The outcome was predictable; Boris never meant it and went straight back to running the economy for the corporations which didn’t want Brexit in the first place, and an almighty and concerted smear campaign finished Corbyn.

In a lot of ways those two examples illustrate the problem – that to all intents and purposes Britain is an oligarchy of a hyper-rich financier and corporate leaders who will either bribe, coerce or destroy anyone who isn’t subscribed to their version of acceptable government.

It is the outcome that is the problem. It doesn’t matter whether it is the sense of powerlessness this induces in the public or the material conditions of 30 years of stagnant wages and declining public services which has resulted, the public feel shut out of power and sense the impact of this is their interests being sidelined.

Plus don’t underestimate how much politicians were starting to like low-engagement politics. Term two Blair almost fetishised it, claiming that low turnout was actually a satisfaction rating on the job being done. It wasn’t.

The decline in democracy, the decline in trust in institutions, the decline in social cohesion – all track closely to the arrival of neoliberalism and globalisation

All of this is a disaster for society, and as is often the case with disasters, its effects break through at the weakest points in our democracy – the angry, conspiratorial parts. It has resulted in the rise of the ‘angry right’ and the proliferation of seemingly crazy conspiracy theories. Our societies are falling apart because of it, all across Europe. The US has basically already fallen apart.

So what do we do about this? You may be expecting me to run round our usual set of democratic enhancements that can bring power closer to people, and I recommend you look at them and get a sense of how much more power citizens in Scotland could wield, and the positive impact that is likely to have on people’s perception of democracy.

Which means yes, create some proper Scottish local democracy (with some urgency about it), yes put in place a second Citizens’ Assembly as a second chamber of the Scottish Parliament, and yes put in place mechanisms to require much more participatory democracy, from citizen’s juries to participatory budgeting.

But if my analysis above is right, it won’t be enough in itself. If the fundamental problem is not just the process but what 40 years of that process has done to people’s experience of life, reforming only the process won’t have the impact it needs to, or not fast enough.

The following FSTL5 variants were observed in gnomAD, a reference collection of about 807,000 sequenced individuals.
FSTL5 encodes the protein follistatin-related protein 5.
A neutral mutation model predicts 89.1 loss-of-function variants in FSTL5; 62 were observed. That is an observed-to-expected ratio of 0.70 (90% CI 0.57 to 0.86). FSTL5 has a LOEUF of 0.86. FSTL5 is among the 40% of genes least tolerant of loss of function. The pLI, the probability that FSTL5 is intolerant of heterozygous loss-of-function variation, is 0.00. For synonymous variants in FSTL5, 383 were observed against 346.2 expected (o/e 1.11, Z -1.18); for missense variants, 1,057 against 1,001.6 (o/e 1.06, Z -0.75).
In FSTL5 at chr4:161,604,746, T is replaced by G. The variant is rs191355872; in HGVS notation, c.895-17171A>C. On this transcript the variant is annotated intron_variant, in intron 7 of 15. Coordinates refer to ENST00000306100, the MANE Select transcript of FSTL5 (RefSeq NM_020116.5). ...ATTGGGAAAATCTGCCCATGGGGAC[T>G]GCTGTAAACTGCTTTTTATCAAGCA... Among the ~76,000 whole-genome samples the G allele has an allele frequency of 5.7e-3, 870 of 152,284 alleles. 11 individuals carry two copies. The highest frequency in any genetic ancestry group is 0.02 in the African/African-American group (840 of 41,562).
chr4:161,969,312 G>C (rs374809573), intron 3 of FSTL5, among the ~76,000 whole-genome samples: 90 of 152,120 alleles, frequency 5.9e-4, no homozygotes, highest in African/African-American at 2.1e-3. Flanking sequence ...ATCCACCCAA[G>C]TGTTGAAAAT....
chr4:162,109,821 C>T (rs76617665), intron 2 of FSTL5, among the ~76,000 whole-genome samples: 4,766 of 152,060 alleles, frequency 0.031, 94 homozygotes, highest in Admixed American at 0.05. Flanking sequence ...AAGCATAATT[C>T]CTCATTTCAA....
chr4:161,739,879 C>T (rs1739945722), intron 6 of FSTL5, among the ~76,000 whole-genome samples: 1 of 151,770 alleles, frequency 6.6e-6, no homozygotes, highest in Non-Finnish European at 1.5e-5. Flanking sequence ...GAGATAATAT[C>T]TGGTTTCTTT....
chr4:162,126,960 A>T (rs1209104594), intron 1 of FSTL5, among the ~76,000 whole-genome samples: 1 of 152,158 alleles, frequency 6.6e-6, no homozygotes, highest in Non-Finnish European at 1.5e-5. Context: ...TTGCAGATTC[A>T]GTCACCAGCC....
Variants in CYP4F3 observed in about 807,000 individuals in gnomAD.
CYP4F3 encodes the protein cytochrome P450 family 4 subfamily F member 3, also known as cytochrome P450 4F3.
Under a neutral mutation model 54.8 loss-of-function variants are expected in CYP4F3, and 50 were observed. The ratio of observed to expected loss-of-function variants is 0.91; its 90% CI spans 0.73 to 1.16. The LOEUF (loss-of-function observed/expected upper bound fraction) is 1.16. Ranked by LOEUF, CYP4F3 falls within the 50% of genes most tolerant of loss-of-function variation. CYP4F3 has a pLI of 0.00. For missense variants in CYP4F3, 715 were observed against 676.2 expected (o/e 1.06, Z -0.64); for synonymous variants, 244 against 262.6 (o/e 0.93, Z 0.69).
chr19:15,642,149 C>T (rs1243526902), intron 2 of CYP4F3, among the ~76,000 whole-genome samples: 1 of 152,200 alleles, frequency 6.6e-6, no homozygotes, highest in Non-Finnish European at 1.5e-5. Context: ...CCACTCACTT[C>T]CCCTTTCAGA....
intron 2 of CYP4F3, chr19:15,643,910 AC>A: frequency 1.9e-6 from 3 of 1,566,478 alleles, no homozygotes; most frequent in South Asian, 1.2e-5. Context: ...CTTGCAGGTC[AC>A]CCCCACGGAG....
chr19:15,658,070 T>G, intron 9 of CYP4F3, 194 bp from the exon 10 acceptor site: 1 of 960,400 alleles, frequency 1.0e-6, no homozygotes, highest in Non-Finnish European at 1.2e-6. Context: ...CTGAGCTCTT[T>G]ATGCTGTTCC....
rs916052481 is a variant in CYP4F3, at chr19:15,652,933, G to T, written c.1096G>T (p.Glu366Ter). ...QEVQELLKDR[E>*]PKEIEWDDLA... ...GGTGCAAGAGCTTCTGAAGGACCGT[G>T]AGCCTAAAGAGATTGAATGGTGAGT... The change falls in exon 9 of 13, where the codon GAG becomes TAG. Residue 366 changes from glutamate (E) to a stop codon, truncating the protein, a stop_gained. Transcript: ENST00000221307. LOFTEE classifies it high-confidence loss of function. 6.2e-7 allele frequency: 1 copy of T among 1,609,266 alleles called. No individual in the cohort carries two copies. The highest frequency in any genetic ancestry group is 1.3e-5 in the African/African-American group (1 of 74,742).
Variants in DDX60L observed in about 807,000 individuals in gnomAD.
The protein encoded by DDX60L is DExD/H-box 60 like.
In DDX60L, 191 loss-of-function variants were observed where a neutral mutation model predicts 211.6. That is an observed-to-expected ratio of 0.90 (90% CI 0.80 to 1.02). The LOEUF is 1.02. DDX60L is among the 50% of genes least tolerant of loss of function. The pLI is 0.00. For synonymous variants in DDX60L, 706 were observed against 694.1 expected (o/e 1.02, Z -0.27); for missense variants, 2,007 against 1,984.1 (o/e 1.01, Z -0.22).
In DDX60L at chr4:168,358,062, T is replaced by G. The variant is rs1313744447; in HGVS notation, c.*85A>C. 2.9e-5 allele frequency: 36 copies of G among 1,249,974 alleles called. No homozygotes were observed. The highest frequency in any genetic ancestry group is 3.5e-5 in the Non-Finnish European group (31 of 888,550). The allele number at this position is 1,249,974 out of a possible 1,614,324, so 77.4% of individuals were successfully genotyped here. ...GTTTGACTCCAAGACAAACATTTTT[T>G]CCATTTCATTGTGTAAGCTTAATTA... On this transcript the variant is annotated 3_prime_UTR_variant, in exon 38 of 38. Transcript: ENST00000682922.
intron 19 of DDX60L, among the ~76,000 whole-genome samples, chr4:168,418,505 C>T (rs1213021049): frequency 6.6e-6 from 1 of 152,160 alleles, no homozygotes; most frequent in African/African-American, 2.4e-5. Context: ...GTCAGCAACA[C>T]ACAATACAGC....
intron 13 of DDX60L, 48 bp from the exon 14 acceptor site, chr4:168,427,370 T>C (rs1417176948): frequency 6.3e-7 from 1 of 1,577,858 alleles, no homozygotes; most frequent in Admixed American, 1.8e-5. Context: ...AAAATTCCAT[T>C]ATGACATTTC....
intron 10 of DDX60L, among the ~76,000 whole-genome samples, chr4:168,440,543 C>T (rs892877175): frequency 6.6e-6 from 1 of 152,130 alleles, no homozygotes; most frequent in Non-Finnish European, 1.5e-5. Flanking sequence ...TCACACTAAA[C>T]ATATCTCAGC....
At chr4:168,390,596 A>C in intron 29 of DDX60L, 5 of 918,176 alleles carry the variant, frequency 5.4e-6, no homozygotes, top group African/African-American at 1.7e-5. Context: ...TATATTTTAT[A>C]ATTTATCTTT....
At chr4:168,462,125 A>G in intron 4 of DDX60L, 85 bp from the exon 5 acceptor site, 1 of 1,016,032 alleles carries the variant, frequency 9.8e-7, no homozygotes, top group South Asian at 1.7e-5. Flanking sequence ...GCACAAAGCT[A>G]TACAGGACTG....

No, if we want serious democratic reform we need serious economic reform. The biggest step would be mandatory industrial democracy – requiring every business with more than ten staff to have a third of its Board elected by the staff (this is the model used in Germany, Austria and the Nordic Countries).

This gives workers an immediate sense that the economy is not just something that is done to them but something they’re part of. But that isn’t enough in itself because the economy is still dominated by overseas corporations which aren’t particularly responsive to any host nation’s democracy.

That is what leaves me a difficult ultimate conclusion. The decline in democracy, the decline in trust in institutions, the decline in social cohesion – all track closely to the arrival of neoliberalism and globalisation. These are fundamentally theories that the only valid way to run the economy is to not run the economy but to stay out of the way (except when corporations ask you to do something).

This ‘corporations as a proxy for the public good’ model of politics is undimmed. For some reason the Scottish Government under John Swinney still thinks the only way to improve public services is for ever-greater economic growth resulting from precisely the practices which have undermined public services.

Making major changes in our economy is not impossible. Make any form of public support for business conditional on increased industrial democracy, perhaps create a consumer agency to fight relentlessly for the interests of the public over corporations, create an industrial strategy to run more of the economy in a ‘foundational economy’ mode (i.e. specifically for the public good).

After all, globalisation is basically over with the US and its new-found love of tariffs on Chinese imports, and neoliberalism is undermining the strength and effectiveness of its strongest advocate nations in Europe and the US. Something else is coming, one way or another.

If it is worse, there is a good chance the century-long democratic experiment in Europe is at risk. If it is better, perhaps an engaged nation of civically-active citizens will fuel a health democracy again. It doesn’t feel like that’s what we have just now.